After the Olympics, Lenny decided to skip the 2001 World Championships in order to join other Jewish athletes and compete at the Maccabiah Games in Israel. He also wanted to fulfill a childhood dream of visiting the holy land, and carry the American flag for the United States during the games’ opening ceremony. He earned gold once again, and set a new Maccabiah record.
In 2001, he was inducted in to the Southern California Jewish Sports Hall of Fame and USC Hall of Fame. He is a member of the International Jewish Hall of Fame, and in May 2011, Lenny’s swimming career was truly complete when he was inducted into the International Swimming Hall of Fame. But it was after his second Olympics in Athens that he began to think about the next chapter in his life. Having always talked about starting a swim school, he reached out to two Jewish Community Centers (JCCs) in the Los Angeles and San Fernando Valley areas, and told them he had an idea.
Lenny´s idea is known today as the Swim Right Method, and slowly it is revolutionizing the way swimming is taught around the country. He has now partnered with many other JCC’s across the country, and they are all embracing Lenny’s method. In a nutshell, Lenny teaches babies how to turn around and float in order to survive in water. He focuses on the child’s upper body strength, and he has started training infants as young as four months in this survival method. But what distinguishes Lenny from many other programs that teach a similar method is that they don’t stop there, his program continues for a total of six steps until the child can swim each of the four strokes and is ready for any swim team. On a larger scale, Lenny and his team go to the particular JCC they are working with, set up the program, train the staff, and then turn the program over to them. Lenny’s goal is to continue the lightning speed expansion they’ve been on, and to one day see every JCC in the country with its own Swim Right Method program.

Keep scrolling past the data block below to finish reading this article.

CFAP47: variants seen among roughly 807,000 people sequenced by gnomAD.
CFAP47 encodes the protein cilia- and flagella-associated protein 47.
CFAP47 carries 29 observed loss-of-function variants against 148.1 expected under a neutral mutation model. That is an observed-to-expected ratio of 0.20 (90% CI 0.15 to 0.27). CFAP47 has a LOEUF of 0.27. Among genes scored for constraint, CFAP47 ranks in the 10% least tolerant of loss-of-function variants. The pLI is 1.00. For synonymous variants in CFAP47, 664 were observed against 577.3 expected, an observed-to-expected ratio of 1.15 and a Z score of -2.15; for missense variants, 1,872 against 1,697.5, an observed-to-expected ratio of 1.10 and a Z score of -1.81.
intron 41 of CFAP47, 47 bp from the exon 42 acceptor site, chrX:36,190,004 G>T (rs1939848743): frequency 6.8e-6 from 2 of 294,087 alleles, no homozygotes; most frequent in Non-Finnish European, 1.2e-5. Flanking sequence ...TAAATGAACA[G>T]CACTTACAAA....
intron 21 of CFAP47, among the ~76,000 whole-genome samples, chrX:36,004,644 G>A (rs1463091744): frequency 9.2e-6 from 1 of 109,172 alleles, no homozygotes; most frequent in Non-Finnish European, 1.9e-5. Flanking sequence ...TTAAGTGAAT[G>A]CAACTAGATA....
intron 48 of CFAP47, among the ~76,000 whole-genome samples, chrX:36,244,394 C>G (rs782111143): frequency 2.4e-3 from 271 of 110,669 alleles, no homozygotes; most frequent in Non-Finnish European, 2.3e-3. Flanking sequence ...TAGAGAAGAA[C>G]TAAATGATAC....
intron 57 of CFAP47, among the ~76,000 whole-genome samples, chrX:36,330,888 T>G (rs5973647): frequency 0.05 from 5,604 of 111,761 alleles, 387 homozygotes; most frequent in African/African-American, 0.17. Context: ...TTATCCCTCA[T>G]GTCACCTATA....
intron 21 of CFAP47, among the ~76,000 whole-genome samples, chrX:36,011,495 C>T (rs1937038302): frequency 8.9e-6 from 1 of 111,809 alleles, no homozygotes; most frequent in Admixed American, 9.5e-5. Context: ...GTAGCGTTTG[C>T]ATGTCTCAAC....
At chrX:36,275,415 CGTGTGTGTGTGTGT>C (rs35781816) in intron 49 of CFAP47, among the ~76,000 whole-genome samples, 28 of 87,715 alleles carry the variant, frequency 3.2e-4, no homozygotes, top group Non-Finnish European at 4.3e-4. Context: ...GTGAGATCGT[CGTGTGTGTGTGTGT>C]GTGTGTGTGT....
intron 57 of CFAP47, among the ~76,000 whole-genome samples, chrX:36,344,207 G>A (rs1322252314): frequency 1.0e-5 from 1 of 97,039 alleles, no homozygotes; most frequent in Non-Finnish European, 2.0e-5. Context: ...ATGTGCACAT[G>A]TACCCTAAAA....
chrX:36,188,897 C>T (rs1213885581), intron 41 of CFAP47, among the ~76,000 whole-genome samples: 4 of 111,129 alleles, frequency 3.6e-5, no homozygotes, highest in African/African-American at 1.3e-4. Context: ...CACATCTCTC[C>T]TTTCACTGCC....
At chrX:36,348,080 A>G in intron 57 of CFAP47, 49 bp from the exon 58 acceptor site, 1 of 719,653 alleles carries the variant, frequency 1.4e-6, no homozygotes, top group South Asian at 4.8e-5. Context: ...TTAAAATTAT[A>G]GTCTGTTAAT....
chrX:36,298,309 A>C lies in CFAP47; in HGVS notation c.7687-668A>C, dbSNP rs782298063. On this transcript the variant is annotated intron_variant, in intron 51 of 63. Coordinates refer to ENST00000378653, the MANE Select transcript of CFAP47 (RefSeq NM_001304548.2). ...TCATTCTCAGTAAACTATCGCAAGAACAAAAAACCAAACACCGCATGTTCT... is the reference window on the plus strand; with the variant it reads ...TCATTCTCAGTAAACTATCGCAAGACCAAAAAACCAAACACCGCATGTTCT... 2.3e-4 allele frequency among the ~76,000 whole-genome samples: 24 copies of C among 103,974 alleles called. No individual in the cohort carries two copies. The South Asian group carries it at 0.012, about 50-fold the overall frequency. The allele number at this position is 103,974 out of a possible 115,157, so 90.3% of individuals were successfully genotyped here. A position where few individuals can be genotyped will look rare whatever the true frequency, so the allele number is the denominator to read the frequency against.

On May 2011, the International Swimming Hall of Fame (ISHOF) honored Lenny Krayzelburg with 8 more legends from the world of Aquatics at the Honoree Induction Ceremony. NBC’s Trina Robinson joined Olympic medalist and world record holder Aaron Wells Peirsol as the MCs for the evening. Broward County Mayor Suzanne Gunzburger presented the key to the County to Prince Albert of Monaco II and the City of Fort Lauderdale Mayor Jack Seiler, Vice Mayor Bobby DuBose, Commissioner Romney Rogers, and Commissioner Charlotte Rodstrom presented the key to the City. Aquatic greats from over twenty different nations along with other special guests such as Illusionist David Blaine, Guy Harvey, and others attended.
So what does it take for an ex-Soviet boy to turn into an American Olympic champion and a successful entrepreneur? Lenny would probably say it was a mix of Soviet work ethic, American dreams, a lot of luck, and unbelievable parents.